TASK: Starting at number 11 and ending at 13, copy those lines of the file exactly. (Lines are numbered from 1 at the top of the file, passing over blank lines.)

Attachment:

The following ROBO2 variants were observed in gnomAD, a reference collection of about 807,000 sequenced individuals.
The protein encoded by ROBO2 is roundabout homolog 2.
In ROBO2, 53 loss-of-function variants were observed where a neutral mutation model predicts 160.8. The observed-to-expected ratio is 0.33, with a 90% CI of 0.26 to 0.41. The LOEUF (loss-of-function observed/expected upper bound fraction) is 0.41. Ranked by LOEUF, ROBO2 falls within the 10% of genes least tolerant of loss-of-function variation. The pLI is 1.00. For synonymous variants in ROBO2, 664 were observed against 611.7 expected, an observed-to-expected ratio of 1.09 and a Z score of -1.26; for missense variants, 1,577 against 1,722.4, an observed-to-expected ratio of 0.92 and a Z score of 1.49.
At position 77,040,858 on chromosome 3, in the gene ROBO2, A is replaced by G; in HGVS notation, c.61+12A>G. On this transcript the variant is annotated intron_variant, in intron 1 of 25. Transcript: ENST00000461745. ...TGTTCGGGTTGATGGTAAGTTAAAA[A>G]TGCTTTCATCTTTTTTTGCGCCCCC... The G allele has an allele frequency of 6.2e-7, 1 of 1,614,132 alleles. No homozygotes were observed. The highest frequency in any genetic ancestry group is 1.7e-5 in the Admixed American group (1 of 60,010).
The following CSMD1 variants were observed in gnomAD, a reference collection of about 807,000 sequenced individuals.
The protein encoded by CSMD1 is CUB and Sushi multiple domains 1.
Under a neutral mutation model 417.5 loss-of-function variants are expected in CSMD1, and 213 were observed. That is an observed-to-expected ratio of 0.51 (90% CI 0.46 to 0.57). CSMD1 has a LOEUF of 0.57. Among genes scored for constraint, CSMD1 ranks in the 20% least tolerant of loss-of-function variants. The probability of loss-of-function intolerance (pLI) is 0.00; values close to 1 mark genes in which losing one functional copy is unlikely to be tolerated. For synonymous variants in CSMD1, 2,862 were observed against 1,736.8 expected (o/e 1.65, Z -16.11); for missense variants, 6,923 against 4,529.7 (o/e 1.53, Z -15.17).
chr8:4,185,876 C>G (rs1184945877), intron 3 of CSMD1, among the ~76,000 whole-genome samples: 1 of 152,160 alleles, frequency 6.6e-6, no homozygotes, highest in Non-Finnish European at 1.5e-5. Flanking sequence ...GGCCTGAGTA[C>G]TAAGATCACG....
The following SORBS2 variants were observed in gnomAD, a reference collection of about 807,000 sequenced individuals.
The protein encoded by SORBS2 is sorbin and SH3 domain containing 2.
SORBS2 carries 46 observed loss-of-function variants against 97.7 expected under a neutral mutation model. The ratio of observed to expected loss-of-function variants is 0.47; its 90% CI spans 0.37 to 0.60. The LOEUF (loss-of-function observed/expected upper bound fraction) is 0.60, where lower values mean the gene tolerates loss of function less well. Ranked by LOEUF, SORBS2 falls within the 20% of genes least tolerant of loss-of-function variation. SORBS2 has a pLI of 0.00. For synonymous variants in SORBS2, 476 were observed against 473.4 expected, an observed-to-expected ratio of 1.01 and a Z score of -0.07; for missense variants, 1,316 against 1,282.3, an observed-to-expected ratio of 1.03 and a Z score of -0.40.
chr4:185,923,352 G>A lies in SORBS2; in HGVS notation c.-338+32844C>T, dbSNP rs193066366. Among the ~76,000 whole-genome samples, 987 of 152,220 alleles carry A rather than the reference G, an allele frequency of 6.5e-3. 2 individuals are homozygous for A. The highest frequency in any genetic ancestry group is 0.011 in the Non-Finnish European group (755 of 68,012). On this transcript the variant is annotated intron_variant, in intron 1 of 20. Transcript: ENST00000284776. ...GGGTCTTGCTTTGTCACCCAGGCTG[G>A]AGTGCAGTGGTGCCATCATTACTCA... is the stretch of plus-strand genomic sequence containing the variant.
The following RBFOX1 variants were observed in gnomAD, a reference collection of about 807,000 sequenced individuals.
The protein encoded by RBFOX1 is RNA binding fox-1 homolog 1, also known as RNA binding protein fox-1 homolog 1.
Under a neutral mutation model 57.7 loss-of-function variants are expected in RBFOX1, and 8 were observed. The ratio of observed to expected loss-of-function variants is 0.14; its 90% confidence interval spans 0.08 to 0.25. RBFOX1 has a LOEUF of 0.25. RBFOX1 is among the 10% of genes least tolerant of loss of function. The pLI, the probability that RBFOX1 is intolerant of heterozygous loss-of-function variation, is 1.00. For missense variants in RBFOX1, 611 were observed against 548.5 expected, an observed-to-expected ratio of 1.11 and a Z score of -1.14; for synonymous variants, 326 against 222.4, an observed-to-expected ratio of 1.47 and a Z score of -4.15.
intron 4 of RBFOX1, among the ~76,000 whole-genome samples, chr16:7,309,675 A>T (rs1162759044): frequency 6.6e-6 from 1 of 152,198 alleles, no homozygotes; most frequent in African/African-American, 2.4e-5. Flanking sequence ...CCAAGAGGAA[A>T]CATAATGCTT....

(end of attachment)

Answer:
SORBS2 carries 46 observed loss-of-function variants against 97.7 expected under a neutral mutation model. The ratio of observed to expected loss-of-function variants is 0.47; its 90% CI spans 0.37 to 0.60. The LOEUF (loss-of-function observed/expected upper bound fraction) is 0.60, where lower values mean the gene tolerates loss of function less well. Ranked by LOEUF, SORBS2 falls within the 20% of genes least tolerant of loss-of-function variation. SORBS2 has a pLI of 0.00. For synonymous variants in SORBS2, 476 were observed against 473.4 expected, an observed-to-expected ratio of 1.01 and a Z score of -0.07; for missense variants, 1,316 against 1,282.3, an observed-to-expected ratio of 1.03 and a Z score of -0.40.
chr4:185,923,352 G>A lies in SORBS2; in HGVS notation c.-338+32844C>T, dbSNP rs193066366. Among the ~76,000 whole-genome samples, 987 of 152,220 alleles carry A rather than the reference G, an allele frequency of 6.5e-3. 2 individuals are homozygous for A. The highest frequency in any genetic ancestry group is 0.011 in the Non-Finnish European group (755 of 68,012). On this transcript the variant is annotated intron_variant, in intron 1 of 20. Transcript: ENST00000284776. ...GGGTCTTGCTTTGTCACCCAGGCTG[G>A]AGTGCAGTGGTGCCATCATTACTCA... is the stretch of plus-strand genomic sequence containing the variant.
The following RBFOX1 variants were observed in gnomAD, a reference collection of about 807,000 sequenced individuals.